One thing I have struggled with growing up RP is the intensity of fellowship. Maybe it’s unhealthy, but it seems like people in similar life stages seek each other out in ways that don’t happen in other churches. It’s been hard to get used to having to actively seek out connections.

    Liked by 1 person

  4. jnotestein says:

    I feel the same way, although you seem further down the road of finding a worshipping community. I’ve tried staying within the tradition I’ve always known, but keep feeling like I’m looking for a steak in a mall food court. And I’m not even being picky! I just want a fellowship that has a caring community of believers who focus on God, not politics or culture wars. They seem to be hard to find.

    Liked by 1 person

    1. Mark Schaefer says:

      Amen! I’ve had many conversations with my current pastor. I love much about the church, but not exaggerating too much here, when he has to pick an example sin to rail against, it’s almost always sexual immorality. We have a culture filled with harm caused by greed, abuse, structural racism, and the Evangelical church seems only concerned about the sin that happens in bed between consenting adults. I’ve told him, I completely agree with you, but aren’t there other things happening in this world that the church needs to talk about? It’s sad because he has so much wisdom and encouragement for how we relate to God and within the church that I needed to hear when I was considering walking out entirely.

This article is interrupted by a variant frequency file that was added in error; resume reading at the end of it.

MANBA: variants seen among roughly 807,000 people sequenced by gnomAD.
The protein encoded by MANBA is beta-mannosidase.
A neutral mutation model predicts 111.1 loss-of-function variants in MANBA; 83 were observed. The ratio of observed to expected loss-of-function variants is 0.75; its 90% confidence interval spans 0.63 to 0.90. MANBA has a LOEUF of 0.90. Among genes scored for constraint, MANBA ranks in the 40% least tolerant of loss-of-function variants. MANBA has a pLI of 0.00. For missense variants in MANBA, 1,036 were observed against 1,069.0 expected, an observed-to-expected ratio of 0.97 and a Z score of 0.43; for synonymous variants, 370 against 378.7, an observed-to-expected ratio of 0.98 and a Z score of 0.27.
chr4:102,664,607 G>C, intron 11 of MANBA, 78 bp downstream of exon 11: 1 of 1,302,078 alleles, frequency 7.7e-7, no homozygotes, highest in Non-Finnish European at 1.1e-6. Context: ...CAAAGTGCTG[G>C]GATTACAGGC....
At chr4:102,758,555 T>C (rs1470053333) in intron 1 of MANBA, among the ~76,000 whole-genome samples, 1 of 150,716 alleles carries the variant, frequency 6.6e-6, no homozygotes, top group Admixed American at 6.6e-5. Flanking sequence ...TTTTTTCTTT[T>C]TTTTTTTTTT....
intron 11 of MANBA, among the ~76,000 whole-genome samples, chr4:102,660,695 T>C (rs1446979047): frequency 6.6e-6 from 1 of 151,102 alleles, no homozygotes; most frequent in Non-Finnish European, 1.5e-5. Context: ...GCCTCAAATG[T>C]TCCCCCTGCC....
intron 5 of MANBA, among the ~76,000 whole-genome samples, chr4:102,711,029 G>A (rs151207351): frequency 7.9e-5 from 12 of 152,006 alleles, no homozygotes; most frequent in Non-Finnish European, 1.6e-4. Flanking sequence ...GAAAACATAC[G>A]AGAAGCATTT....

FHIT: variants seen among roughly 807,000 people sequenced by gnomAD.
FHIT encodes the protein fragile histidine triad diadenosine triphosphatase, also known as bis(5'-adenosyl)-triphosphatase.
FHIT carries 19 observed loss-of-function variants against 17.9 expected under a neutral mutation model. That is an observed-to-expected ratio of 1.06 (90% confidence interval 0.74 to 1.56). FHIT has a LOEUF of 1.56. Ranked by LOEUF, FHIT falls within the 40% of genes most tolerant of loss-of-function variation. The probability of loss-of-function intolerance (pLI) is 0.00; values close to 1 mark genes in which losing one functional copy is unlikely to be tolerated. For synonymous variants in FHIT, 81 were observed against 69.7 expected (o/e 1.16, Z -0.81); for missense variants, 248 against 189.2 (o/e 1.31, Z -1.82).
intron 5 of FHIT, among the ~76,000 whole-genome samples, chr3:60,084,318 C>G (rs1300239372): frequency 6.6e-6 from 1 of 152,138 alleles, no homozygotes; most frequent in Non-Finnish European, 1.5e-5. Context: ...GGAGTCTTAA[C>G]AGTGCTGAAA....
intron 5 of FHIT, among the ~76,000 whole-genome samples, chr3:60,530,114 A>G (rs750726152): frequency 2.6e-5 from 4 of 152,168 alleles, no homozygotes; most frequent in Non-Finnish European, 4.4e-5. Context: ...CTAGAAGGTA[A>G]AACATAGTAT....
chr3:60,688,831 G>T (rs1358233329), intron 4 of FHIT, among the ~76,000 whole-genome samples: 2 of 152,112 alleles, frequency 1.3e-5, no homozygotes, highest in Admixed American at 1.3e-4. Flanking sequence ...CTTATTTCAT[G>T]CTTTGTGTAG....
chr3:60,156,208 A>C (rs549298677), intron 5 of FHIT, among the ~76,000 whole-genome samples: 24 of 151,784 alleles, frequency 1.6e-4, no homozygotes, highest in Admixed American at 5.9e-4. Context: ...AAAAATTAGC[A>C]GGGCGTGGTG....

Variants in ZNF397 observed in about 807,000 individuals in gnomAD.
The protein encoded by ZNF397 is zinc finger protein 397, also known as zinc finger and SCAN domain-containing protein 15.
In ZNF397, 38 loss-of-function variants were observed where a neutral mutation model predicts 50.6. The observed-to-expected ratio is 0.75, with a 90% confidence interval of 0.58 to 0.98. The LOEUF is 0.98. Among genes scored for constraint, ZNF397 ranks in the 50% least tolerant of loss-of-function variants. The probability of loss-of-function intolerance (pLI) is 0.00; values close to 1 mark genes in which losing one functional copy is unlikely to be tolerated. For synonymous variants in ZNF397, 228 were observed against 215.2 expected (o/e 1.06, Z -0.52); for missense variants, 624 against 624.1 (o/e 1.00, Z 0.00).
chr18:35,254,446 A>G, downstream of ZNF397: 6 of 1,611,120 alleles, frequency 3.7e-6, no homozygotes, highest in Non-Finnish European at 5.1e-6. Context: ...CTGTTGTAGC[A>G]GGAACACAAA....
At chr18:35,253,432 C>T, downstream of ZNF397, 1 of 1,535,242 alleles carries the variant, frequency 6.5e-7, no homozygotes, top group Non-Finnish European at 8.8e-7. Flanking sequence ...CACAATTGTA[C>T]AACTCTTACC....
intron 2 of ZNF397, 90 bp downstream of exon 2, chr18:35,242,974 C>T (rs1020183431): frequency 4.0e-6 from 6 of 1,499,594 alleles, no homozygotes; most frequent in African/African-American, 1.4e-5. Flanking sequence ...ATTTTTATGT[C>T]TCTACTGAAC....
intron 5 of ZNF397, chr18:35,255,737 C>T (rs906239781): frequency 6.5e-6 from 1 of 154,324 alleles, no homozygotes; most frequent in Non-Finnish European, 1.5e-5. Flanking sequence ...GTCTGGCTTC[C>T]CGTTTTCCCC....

5. ofviceandmen says:

    I resonate with much here. Reformed elitism is a reflexive posture that’s hard to shake. Tied to so much inner needs to be right, and feel secure. Love the excerpts from Rowan. Best description of the unity vs uniformity problem I’ve seen in a good while.


  6. Cassie King says:

    I find much healing from the noise of reformed theology and evangelicalism in my local Lutheran church. The simplicity of the liturgy, the traditional songs (truly, not just old, ha), and the focus on the Scriptures and Lord’s table help me pivot from me to us.


  7. Dawn at ~366Mhz says:

    This is nothing more than a poorly veiled pity party, it seems.


    1. Mark Schaefer says: